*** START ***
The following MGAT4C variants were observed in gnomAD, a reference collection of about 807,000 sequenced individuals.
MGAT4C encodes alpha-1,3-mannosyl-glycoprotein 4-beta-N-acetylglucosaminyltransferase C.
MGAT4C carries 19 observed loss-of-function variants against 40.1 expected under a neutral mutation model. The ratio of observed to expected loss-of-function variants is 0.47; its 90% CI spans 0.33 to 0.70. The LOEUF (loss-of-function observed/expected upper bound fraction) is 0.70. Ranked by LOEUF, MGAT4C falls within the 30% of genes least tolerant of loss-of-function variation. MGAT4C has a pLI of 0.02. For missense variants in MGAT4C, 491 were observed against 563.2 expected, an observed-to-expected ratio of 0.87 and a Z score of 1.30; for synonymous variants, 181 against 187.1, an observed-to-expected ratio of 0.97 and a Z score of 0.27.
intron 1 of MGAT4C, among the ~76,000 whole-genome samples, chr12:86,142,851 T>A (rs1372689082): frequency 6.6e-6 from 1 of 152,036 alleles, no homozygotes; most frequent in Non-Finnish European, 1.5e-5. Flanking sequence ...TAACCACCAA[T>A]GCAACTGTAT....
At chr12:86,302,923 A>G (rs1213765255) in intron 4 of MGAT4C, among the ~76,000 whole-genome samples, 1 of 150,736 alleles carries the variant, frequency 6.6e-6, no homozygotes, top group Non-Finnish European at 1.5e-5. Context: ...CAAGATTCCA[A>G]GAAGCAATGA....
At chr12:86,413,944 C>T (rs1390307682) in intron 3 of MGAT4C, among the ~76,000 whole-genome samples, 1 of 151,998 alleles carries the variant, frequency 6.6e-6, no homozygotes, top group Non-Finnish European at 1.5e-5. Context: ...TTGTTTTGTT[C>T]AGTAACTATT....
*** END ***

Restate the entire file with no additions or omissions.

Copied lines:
The following MGAT4C variants were observed in gnomAD, a reference collection of about 807,000 sequenced individuals.
MGAT4C encodes alpha-1,3-mannosyl-glycoprotein 4-beta-N-acetylglucosaminyltransferase C.
MGAT4C carries 19 observed loss-of-function variants against 40.1 expected under a neutral mutation model. The ratio of observed to expected loss-of-function variants is 0.47; its 90% CI spans 0.33 to 0.70. The LOEUF (loss-of-function observed/expected upper bound fraction) is 0.70. Ranked by LOEUF, MGAT4C falls within the 30% of genes least tolerant of loss-of-function variation. MGAT4C has a pLI of 0.02. For missense variants in MGAT4C, 491 were observed against 563.2 expected, an observed-to-expected ratio of 0.87 and a Z score of 1.30; for synonymous variants, 181 against 187.1, an observed-to-expected ratio of 0.97 and a Z score of 0.27.
intron 1 of MGAT4C, among the ~76,000 whole-genome samples, chr12:86,142,851 T>A (rs1372689082): frequency 6.6e-6 from 1 of 152,036 alleles, no homozygotes; most frequent in Non-Finnish European, 1.5e-5. Flanking sequence ...TAACCACCAA[T>A]GCAACTGTAT....
At chr12:86,302,923 A>G (rs1213765255) in intron 4 of MGAT4C, among the ~76,000 whole-genome samples, 1 of 150,736 alleles carries the variant, frequency 6.6e-6, no homozygotes, top group Non-Finnish European at 1.5e-5. Context: ...CAAGATTCCA[A>G]GAAGCAATGA....
At chr12:86,413,944 C>T (rs1390307682) in intron 3 of MGAT4C, among the ~76,000 whole-genome samples, 1 of 151,998 alleles carries the variant, frequency 6.6e-6, no homozygotes, top group Non-Finnish European at 1.5e-5. Context: ...TTGTTTTGTT[C>T]AGTAACTATT....